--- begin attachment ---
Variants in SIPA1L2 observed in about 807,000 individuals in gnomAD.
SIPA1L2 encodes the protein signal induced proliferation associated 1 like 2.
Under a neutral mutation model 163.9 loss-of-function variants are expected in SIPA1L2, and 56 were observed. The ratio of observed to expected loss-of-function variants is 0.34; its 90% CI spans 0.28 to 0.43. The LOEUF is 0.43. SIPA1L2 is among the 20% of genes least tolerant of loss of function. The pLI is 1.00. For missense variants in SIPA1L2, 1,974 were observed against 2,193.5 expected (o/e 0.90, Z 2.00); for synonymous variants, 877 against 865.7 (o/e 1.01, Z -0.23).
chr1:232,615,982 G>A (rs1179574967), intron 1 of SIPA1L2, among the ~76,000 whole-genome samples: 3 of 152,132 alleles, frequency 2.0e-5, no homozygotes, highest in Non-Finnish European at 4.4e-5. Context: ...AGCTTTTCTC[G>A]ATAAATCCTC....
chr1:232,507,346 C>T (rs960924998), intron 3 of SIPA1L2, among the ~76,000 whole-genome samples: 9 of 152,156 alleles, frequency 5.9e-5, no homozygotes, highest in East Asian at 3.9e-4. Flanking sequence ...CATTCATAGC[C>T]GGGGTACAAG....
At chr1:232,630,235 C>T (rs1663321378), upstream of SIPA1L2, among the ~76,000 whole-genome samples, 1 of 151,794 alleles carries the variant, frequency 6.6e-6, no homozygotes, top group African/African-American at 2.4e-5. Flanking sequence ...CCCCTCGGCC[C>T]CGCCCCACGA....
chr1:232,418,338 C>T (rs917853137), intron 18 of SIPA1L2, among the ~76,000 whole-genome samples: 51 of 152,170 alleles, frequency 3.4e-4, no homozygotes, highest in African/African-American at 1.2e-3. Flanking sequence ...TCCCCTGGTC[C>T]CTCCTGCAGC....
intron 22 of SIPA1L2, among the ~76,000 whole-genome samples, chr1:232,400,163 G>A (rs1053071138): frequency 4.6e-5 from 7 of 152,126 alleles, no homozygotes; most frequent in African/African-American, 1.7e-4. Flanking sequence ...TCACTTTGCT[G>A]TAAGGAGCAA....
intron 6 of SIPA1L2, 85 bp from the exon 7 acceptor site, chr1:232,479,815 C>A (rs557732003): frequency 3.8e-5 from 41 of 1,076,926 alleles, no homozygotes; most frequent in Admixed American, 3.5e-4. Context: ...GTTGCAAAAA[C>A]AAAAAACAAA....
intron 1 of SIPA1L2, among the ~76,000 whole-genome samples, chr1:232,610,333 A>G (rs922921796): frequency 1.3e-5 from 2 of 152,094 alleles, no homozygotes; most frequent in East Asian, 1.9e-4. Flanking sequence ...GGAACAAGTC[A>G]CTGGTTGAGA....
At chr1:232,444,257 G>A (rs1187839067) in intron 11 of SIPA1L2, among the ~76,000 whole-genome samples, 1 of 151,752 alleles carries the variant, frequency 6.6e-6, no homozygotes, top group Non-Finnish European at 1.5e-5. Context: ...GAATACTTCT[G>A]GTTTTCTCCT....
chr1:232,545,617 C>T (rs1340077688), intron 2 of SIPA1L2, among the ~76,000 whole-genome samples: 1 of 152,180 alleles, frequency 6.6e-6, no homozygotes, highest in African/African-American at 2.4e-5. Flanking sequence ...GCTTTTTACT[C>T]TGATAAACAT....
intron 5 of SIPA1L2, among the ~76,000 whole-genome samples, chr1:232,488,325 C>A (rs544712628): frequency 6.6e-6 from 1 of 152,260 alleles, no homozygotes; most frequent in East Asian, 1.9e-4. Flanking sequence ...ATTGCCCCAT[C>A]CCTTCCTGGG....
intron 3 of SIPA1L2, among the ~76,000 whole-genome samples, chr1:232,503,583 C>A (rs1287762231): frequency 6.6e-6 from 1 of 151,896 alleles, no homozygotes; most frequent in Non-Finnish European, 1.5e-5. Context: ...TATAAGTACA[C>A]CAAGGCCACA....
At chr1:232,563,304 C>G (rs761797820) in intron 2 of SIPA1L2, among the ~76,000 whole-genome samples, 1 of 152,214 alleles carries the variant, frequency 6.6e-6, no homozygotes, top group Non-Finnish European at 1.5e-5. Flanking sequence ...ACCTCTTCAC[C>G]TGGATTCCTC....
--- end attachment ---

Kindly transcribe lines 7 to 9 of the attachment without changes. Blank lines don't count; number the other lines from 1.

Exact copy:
chr1:232,418,338 C>T (rs917853137), intron 18 of SIPA1L2, among the ~76,000 whole-genome samples: 51 of 152,170 alleles, frequency 3.4e-4, no homozygotes, highest in African/African-American at 1.2e-3. Flanking sequence ...TCCCCTGGTC[C>T]CTCCTGCAGC....
intron 22 of SIPA1L2, among the ~76,000 whole-genome samples, chr1:232,400,163 G>A (rs1053071138): frequency 4.6e-5 from 7 of 152,126 alleles, no homozygotes; most frequent in African/African-American, 1.7e-4. Flanking sequence ...TCACTTTGCT[G>A]TAAGGAGCAA....
intron 6 of SIPA1L2, 85 bp from the exon 7 acceptor site, chr1:232,479,815 C>A (rs557732003): frequency 3.8e-5 from 41 of 1,076,926 alleles, no homozygotes; most frequent in Admixed American, 3.5e-4. Context: ...GTTGCAAAAA[C>A]AAAAAACAAA....